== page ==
Yes, the main issue I have with the slamming/stomping behaviour is that it's very visible to the rest of the team, who are also sitting very close by. There's usually conversions/collaborations going on between the other team members. Or the loud banging/stomping happens while others are having phone/video conversations, sometimes with customers, and that's just not acceptable.

When the employee in question does this, everyone else gets really quiet and "careful"/awkward for a while. The contrast is very stark because the rest of the time, she's outgoing and very social and is most likely the one to initiate chit-chat with me and other employees. So I don't need her to be quiet at all times, but I need her to not negatively affect other employees.

Again, I wish we all had a private space to work in, but that's just not the situation and isn't likely to ever be. Ideally, I'd prefer to go take a walk outside with her or something similar to deliver the feedback, but it's usually very hard to explain the specific issue without a computer screen in front of our eyes.

So it affects everyone to the point that another employee mentioned it makes her uncomfortable.

I get that nobody likes to hear negative feedback, but realistically, everyone makes mistakes, all the time. That's just what humans do and that's how we grow. I can't imagine a situation where this type of feedback won't be delivered to her, in this organization or the next.

I've asked her when she was hired if she needed any accommodations for disabilities or neurodivergence and she said no. Of course, I understand it can be very tricky/unsafe to divulge this information to an employer and not everyone does so. Or she could simply not be aware herself as well.

Delivering the feedback at the end of the day is easy to implement and will be my first thing to try.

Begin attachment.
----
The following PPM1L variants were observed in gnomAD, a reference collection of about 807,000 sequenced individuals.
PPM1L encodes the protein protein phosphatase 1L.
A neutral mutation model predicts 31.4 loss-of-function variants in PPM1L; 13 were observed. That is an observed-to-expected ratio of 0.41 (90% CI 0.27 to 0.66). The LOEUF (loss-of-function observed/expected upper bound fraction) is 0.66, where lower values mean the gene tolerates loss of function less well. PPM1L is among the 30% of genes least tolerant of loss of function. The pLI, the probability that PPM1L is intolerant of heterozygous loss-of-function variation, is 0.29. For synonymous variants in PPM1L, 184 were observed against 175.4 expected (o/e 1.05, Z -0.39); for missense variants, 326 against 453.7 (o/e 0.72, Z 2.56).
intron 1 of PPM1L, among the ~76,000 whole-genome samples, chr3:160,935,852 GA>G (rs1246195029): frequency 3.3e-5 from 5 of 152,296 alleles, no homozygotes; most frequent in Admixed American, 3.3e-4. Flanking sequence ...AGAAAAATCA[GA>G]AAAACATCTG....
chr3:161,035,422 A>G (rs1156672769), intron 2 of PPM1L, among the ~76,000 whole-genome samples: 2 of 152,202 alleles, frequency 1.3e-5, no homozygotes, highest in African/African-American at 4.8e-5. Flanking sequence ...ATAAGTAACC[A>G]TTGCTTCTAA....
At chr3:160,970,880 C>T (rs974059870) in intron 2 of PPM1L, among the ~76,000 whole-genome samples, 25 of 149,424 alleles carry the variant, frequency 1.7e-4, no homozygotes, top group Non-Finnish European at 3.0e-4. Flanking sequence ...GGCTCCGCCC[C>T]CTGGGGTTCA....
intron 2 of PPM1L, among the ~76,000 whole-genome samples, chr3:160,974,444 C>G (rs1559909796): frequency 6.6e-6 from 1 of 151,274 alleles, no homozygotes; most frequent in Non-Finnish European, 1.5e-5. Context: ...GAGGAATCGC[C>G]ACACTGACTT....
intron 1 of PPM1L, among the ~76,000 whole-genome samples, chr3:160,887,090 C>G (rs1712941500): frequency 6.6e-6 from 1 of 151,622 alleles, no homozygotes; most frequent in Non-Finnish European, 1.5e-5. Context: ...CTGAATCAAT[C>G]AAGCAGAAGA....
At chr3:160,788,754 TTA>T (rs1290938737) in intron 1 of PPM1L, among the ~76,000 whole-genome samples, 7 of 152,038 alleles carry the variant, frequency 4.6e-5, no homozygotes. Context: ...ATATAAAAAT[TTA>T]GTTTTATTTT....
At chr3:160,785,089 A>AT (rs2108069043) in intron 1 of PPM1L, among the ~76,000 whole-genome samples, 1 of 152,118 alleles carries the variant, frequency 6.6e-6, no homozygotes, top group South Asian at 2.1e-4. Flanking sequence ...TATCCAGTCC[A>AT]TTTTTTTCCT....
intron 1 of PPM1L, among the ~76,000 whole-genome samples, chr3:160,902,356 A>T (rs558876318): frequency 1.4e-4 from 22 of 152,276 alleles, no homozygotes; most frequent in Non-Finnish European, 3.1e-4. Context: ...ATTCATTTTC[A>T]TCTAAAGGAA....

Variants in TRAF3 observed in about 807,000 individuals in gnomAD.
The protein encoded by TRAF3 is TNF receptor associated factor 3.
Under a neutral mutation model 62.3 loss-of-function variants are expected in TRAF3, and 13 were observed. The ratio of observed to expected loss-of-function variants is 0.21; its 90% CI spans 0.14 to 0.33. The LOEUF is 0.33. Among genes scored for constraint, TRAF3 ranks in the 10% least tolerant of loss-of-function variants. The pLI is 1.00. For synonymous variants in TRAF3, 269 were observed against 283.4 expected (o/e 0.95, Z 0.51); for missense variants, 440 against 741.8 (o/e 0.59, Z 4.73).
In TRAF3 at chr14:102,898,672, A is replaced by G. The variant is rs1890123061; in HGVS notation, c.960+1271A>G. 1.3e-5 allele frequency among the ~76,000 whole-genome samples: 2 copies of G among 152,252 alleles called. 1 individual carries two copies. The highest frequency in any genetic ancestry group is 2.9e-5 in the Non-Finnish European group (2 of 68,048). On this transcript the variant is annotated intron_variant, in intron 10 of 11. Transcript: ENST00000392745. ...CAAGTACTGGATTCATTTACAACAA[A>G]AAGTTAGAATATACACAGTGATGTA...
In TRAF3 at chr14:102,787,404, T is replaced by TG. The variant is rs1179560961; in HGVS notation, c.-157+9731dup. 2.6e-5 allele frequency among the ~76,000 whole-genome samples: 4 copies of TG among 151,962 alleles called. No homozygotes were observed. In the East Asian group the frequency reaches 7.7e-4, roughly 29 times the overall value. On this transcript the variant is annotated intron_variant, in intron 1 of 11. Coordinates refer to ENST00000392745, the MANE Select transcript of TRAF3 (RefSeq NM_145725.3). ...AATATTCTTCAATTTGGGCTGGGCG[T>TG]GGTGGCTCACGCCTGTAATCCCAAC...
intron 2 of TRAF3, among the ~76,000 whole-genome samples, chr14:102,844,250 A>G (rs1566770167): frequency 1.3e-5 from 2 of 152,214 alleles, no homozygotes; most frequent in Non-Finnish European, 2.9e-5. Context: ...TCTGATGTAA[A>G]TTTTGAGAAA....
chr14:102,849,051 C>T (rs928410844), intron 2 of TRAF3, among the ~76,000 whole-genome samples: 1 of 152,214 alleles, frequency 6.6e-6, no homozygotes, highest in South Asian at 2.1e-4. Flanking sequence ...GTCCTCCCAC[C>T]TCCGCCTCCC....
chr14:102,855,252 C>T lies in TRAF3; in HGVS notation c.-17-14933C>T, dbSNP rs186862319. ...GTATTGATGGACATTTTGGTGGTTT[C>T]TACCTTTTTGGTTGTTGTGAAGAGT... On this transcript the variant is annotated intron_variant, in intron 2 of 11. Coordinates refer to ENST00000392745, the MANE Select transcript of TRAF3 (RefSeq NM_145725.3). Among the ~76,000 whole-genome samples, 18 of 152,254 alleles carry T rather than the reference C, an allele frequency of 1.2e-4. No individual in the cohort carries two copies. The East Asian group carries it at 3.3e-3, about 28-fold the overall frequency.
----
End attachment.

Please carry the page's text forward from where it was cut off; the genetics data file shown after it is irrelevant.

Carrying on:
posted by PardonMyFrench at 10:33 AM on August 21, 2022 [5 favorites]

her eye contact and facial expressions are not your business or your problem to worry about. however, if she is actually slamming things around, like noisily and potentially in a way that will damage something, add that to your list of things to tell her to fix.

I agree with this distinction, not so much because of potential damage, but because I get very stressed out by other people's anger, maybe because of an angry family member growing up, and it would suck to have that in the office - a place I couldn't freely leave. It's not something her coworkers should have to deal with.

I'd try to bring it up lightly, but I think it's definitely something to address directly.
posted by trig at 10:34 AM on August 21, 2022 [1 favorite]

I really recommend checking out this podcast episode, Why does feedback hurt so much?.

The episode is framed around relationships, but they also discuss this in the workplace.

From the show notes, abbreviated:
David introduces the concept of rejection sensitive dysphoria (RSD), where you interpret feedback or questions or redirections as being very harsh and personal, and then really take it to heart—even if that’s not really what is being communicated to you (example: Did you empty the dishwasher? Someone with RSD: WHY DO YOU THINK I’M LAZY?!) ... Awareness is gamechanging. How you give people the feedback that maybe they’re taking your feedback too personally/harshly? There is a comedic setup in giving people the feedback that they may not take feedback well. What if your partner is neurotypical and feels like your ADHD hyper focus forgetfulness feels like you’re doing things on purpose, then you go down a shame spiral of forgetting (for example)? The neurotypical partner may have resentment towards the behaviors and also, how can it get better? It will happen again, we will fail. Not trying to be something you’re not, but also always working to improve and putting in effort, as well as paying attention to repairs and actually doing the work to prioritize what your partner’s needs are...How RSD connects to years of feeling like you’re failing and getting social feedback there’s something wrong with you. The importance of finding a partner who accepts you and gets that ADHD is not going away.